Schooled by Contracts

It really troubles me as an attorney when you do great work for a client and then all of a sudden the client feels that he / she doesn’t have to pay you for your time. I’ve been an advocate for putting contracts in writing for so long. (See Contracts 101: Pitfalls to Avoid in your Entertainment Deals – Part 1 (Introduction); and Part 2) In an industry where people want to make hand shake deals, it is so very important to let business be business and friendship be friendship. When it comes to a business deal, get it in writing. Period!High School Musical actress Vanessa Hudgens is getting a dose of business from her former attorney, Brian Schall for over $150,000.00 in fees he earned while building the young actresses career. E!Online is reporting that

A Los Angeles judge has ruled in favor of Vanessa Hudgens’ former attorney Brian Schall, allowing the lawyer to proceed with his breach-of-contract suit filed against the actress in September, in which he claims he’s owed $150,000 in back commission from the High School Musical star. (Source)

However, Hudgen isn’t going down without a fight. She and her new lawyer (I hope he got a big retainer) are challenging the legal contract because she was only 16 when she signed it. According to the article,

Hudgens’ lawyer, Evan N. Spiegel, cited California’s Family Code in the bid to dismiss the lawsuit, which “provides that the contract of a minor is voidable and may be disaffirmed before [age 18] or within a reasonable time afterward.” (Source)

This is generally a true statement of the law. But in most instances of the law, there are exceptions to every rule. The case with minors contracting, they are typically voidable unless the contract is for necessities in life or are later ratified when the minor turns 18. This is the theory the Judge is hammering at Hudgen and her lawyer. As the article states,

Los Angeles Superior Court Judge Tricia Ann Bigelow said in court Wednesday that the debate over the disaffirmation had turned into a “factual issue.” That fact was that the Disney star waited until she was 18 years and nine months old before attempting to void the contract, which cleared the way for the case to proceed to either a motion for summary judgment or a jury decision. (Source)

Aside from the breach of contract claim, Schall is suing Hudgen on an unjust enrichment theory claiming that if the contract is void, he is entitled to recovery based on the reasonable value of his services. This is a tort theory rather than a breach of contract theory that people shouldn’t be allowed to receive free benefits when there is an expectation to pay for the services.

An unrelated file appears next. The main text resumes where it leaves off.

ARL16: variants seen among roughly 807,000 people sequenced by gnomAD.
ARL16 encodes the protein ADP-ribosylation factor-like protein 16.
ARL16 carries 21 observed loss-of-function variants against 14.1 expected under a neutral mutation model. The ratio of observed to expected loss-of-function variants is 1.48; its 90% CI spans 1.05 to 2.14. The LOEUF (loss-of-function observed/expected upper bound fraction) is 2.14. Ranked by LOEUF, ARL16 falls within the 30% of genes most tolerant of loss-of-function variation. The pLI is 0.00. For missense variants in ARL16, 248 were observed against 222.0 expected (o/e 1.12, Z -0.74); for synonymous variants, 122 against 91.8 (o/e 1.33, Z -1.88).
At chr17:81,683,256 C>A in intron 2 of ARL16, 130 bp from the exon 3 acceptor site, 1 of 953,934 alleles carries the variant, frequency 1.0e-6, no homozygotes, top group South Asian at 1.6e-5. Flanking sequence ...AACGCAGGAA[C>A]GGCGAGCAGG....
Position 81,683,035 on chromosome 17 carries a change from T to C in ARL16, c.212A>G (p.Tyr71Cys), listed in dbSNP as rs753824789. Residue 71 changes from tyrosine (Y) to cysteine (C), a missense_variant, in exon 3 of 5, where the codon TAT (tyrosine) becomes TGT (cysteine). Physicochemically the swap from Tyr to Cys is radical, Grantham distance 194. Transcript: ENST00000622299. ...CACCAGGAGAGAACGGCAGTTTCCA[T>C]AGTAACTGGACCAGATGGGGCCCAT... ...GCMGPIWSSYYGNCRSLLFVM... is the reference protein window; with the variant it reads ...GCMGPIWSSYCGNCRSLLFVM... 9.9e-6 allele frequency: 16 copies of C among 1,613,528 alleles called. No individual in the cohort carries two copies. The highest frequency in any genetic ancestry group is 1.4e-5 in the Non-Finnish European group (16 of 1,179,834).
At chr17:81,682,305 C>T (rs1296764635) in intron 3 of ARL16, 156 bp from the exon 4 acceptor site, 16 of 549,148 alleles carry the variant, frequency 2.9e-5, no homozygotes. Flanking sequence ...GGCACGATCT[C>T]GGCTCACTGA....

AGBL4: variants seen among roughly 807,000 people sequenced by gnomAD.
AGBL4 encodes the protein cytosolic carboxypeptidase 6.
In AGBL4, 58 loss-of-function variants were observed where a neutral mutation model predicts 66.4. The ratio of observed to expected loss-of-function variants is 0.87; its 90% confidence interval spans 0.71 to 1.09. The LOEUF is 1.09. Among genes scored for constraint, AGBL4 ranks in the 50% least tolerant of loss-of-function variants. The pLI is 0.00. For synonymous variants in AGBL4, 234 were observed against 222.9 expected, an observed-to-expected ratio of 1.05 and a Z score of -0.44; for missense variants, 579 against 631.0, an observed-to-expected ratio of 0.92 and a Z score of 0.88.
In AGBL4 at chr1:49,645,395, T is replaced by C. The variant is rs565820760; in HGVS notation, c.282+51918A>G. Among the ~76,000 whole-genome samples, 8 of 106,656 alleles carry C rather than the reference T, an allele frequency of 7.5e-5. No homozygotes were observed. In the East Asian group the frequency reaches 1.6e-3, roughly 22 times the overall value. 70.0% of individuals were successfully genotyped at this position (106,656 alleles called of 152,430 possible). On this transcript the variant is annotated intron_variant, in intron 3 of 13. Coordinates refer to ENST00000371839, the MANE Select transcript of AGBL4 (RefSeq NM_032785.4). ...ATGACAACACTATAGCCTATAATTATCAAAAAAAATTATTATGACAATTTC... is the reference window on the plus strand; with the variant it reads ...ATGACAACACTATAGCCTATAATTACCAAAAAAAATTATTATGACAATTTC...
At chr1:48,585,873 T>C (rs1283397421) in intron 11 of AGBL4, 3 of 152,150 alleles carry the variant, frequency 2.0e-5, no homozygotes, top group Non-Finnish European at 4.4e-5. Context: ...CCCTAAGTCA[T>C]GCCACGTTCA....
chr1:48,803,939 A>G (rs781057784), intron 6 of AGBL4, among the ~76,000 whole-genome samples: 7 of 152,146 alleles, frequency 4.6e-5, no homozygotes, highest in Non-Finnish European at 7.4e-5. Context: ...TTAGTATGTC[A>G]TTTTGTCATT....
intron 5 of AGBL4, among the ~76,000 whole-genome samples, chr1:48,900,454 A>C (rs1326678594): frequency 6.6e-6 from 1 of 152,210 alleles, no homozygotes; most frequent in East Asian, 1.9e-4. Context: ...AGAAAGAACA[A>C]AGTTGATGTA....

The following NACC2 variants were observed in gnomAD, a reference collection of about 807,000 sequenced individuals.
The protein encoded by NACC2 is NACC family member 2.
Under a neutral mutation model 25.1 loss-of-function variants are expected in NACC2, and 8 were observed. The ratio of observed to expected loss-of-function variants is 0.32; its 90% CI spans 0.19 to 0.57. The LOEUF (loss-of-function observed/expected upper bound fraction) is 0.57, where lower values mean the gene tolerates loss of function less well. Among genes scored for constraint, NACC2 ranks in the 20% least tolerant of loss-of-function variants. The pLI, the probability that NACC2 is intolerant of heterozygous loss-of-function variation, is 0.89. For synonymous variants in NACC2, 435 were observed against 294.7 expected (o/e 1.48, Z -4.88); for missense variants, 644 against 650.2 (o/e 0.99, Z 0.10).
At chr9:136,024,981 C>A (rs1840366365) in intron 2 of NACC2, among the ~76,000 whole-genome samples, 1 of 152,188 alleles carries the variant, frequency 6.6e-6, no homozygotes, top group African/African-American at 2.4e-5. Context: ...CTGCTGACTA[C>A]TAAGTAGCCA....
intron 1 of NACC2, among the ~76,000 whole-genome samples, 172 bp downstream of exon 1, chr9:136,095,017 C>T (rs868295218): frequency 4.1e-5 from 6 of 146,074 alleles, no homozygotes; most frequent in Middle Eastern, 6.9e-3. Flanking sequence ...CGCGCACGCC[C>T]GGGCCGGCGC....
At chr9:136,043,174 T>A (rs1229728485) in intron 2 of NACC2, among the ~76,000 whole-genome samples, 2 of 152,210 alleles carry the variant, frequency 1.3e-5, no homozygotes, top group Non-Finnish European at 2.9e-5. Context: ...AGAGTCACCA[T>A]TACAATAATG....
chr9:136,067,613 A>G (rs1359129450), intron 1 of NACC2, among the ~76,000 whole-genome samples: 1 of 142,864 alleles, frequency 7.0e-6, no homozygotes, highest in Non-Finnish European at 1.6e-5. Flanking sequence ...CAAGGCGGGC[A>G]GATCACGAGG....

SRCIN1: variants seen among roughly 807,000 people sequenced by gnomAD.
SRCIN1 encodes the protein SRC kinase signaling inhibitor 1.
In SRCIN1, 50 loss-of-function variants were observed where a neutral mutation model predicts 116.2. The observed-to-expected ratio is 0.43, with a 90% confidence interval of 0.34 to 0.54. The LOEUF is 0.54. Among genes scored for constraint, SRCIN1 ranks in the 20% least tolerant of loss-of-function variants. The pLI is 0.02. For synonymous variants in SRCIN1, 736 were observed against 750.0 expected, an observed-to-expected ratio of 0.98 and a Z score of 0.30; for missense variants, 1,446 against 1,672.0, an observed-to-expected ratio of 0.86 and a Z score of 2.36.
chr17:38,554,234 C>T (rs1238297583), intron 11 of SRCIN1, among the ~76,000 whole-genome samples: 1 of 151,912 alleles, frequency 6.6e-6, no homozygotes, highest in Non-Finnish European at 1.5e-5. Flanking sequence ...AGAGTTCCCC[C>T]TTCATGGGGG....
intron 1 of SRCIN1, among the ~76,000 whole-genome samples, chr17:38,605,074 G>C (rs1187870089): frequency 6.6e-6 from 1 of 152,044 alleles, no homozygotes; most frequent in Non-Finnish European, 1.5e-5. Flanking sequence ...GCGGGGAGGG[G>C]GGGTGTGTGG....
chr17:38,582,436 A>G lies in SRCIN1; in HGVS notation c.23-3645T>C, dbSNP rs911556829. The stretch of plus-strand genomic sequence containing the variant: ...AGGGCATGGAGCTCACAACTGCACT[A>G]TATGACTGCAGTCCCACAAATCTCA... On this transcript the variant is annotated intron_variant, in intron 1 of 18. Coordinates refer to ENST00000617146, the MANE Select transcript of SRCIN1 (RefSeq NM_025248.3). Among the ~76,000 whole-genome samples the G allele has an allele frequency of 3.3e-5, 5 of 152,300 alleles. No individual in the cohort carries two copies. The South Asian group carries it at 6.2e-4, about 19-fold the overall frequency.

Well, as I mentioned, Hudgen is fighting back and she counter sued Schall for essentially being a bad lawyer. I’ve seen this happen on occasion, which it is why it is so difficult to sue a client over fees. According to E!Online,

Hudgens countered in her own documents that she fired Schall earlier this year after growing weary of his representation, dubbing his services “below professional standards, resulting in a breakdown of their relationship.”

Well, I find that hard to believe, especially when this article reports that “Hudgens earn[d] more than $5 million stemming from her songwriting and recording career and that [Schall] advanced her expenses and costs during the time they worked together.”

Things that make you go hmmmmm….. She made $5 million by the time she was 19 as a result of this lawyer. You tell me if that was below professional standards.

(Read the E!Online Article)

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One response to “Schooled by Contracts

  • Susanne Joslin

    See how money changes a person? This situation just appears to be now that Vanessa is making the money, she doesn’t want to part with it, so suddenly her attorney provides services that are “below professional standard”. She made her money because of the work her attorney accomplished on her behalf. I wonder which is more work..arranging the work and negotiating the contracts or actually performing the “work”?

    Why was she allowed to enter into a contract at an age of 16, did she have contractual capacity?Why didn’t Vanessa’s parent(s) sign the contract on her behalf? The exceptions to California law that a contract can be considered valid if there are necessities in life for the minor or the contract is later ratified when the minor turns 18 do not appear to apply in this issue. Was what they contracted for a “necessity” to her? In order to ratify the contract at 18, a reasonable amount of time after she turned 18 needed to occur. This did not happen, instead, it appears that she tried to get out of their arrangment, which had grossed her $5 million, and potentially out of paying her former attorney.

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